A car accident insurance settlement brought us unexpected funds that we decided to invest – in an adventure. We gave away or sold our household goods, again, drove down to Nogales, Mexico, and got on a Mexican train bound for Tepic, where the four of us caught a bus to the Jalisco coast and the thinly populated beach village we had “found.”

Jay exulted in the primitive lushness, the mountains tumbling down to the Pacific, the rudimentary, cashless, agrarian Mexican Indian life. The few expat Anglos to drink with were mostly old timers, escapees from the law or the day-to-day grind of the north.

Praying in the outdoors he so loved. - Photo: Yaakov Litvin
Praying in the outdoors he so loved.
Photo: Yaakov Litvin

Jay made friends with a local man who taught him to fish with just line and hooks among the rocks along the coast. He used a machete to cut wood for our cooking stove and bamboo for our beds, which were suspended by ropes (to avoid snakes and scorpions) above the sand floor of our palapa. He learned how to whack the top off coconuts for the milk that reportedly discouraged intestinal parasites. He studied Spanish from little dog-eared phrase books and spoke to everyone in the language. Jay accompanied Alejandro, his friend, on burros for day long treks into the jungle. Alejandro’s mother was a curandera, an herbalist, and he showed Jay the plants used to heal different ailments, igniting Jay’s lifelong interest in herbalism.

After a year in Mexico, our money ran out and we went back up north to a film editing job Jay had been offered in Milwaukee. He wanted to see his parents in Chicago, and it seemed like it might be a good idea if our two children learned how to read.

One Sunday morning before Chanukah, Jay happened to be watching TV with the kids when a long-bearded, black-hatted rabbi came on the screen to talk about the inner meaning of Chanukah. Jay was impressed. He had never heard a rabbi speak about Judaism with such depth and feeling. His encounters with Judaism had thus far been superficial, sterile, or perfunctory. Now he was curious. That chance encounter via television with a Chassidic rabbi changed our lives entirely. Jay’s essay, “Two Rabbis Came to the Door” describes our family’s initiation into a way of life both radically different from anything we had known before and weirdly attuned to our respect for traditional societies.

The 1980s was a decade Jay devoted to learning Chabad Chassidus and turning the learning into practice in everyday life. Everything—clothes, speech, food, attitude, relationships—was seen in a new light. Jay’s spiritual life blossomed, his devotion to G‑d was formalized, our family life deepened and enlarged. We had five more children from 1982 to 1993, and Jay worked hard to support the family and fulfill his obligations to pray with a minyan, learn Torah and Chassidus, and be an active member of our community. This was a period that demanded selfless attention to the needs of others, both family and community, but also provided us with a needed antidote to the self-absorption and lonely individualism of our era.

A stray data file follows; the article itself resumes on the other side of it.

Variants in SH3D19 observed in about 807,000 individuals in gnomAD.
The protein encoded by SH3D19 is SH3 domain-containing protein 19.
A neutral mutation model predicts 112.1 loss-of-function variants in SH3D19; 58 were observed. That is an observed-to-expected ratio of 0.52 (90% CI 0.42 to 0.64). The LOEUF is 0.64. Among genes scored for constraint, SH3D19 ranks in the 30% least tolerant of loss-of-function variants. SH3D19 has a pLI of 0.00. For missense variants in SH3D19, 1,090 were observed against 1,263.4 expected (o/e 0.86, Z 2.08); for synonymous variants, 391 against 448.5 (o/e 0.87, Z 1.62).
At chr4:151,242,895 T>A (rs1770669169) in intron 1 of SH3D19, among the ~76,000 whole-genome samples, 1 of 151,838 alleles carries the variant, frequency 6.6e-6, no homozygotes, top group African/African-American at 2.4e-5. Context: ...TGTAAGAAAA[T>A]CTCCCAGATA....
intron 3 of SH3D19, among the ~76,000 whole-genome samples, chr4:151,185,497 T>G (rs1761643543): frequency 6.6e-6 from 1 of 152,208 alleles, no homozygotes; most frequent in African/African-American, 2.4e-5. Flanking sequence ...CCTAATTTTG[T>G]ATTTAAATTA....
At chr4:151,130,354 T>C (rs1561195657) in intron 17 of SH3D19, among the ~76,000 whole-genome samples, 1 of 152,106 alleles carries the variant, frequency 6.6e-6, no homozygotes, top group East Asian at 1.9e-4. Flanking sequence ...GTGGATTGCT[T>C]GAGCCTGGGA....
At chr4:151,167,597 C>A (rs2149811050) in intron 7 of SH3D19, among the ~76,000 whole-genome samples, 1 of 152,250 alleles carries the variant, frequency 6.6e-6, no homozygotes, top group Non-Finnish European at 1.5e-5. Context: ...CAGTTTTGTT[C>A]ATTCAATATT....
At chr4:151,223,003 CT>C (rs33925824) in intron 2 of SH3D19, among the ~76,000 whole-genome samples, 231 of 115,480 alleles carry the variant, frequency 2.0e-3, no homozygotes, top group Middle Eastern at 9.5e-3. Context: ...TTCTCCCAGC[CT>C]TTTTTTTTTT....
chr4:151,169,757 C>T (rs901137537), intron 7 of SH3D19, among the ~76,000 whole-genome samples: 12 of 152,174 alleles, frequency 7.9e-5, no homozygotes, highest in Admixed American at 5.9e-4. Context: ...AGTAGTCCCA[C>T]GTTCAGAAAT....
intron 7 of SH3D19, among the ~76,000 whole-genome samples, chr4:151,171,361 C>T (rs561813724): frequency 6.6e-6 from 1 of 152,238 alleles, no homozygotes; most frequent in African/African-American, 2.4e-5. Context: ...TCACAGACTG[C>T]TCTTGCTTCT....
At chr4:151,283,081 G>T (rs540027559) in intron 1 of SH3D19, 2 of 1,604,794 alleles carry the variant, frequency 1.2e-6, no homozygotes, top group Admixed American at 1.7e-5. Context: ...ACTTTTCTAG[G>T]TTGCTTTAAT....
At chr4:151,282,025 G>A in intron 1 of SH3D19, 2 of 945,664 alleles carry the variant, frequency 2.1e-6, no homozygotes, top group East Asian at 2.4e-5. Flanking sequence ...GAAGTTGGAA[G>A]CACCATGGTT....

Jay had been doing consulting work for Chabad organizations in the U.S. for several years when he was asked to travel to Israel to collaborate on a large project Chabad in Israel was developing. Jay had never been to Israel. The organization, Tzeirei Agudas Chabad (Tzach) was in Kfar Chabad, a small, agricultural village (moshav) halfway between Tel Aviv and Jerusalem. Kfar Chabad was also home to an outsized number of educational institutions, as well as families who had escaped Eastern Europe after WWII to settle in Israel. Jay was charmed by the village of few cars, old men with long beards riding bicycles, children roaming freely among the houses and tiny grocery stores. The work was engaging, and he enjoyed the full-throttle Israeli style of asserting ideas and opinions.

Jay speaking at the fourth National Conference of Shluchim. - Photo: Yaakov Litvin
Jay speaking at the fourth National Conference of Shluchim.
Photo: Yaakov Litvin

In 1990, the Rebbe asked the director of Tzach, Yosef Aronov, to address the problem of ailing children in the vicinity of the 1986 Chernobyl nuclear reactor meltdown by taking responsibility for their wellbeing. Families in Belarus and Ukraine were begging for medical help for their children who had been exposed to radiation that could lead to thyroid malfunction, low blood cell counts, and continued exposure to lingering radioactivity. Tzach inaugurated a program—Chabad’s Children of Chornobyl (CCOC)—to bring children to Israel for medical attention in a radiation-free environment. Despite the large-scale problems involved in taking children from one country to another, especially from the former Soviet Union to Israel, the first transport of 196 children arrived at Ben Gurion airport on August 3, 1990. Jay had spent the prior three weeks working night and day to bring the project to fruition. After the successful arrival of the first flight, Jay flew home to Wisconsin, arriving on the morning of August 6th. That night we had our 6th child, Rivky, a month early.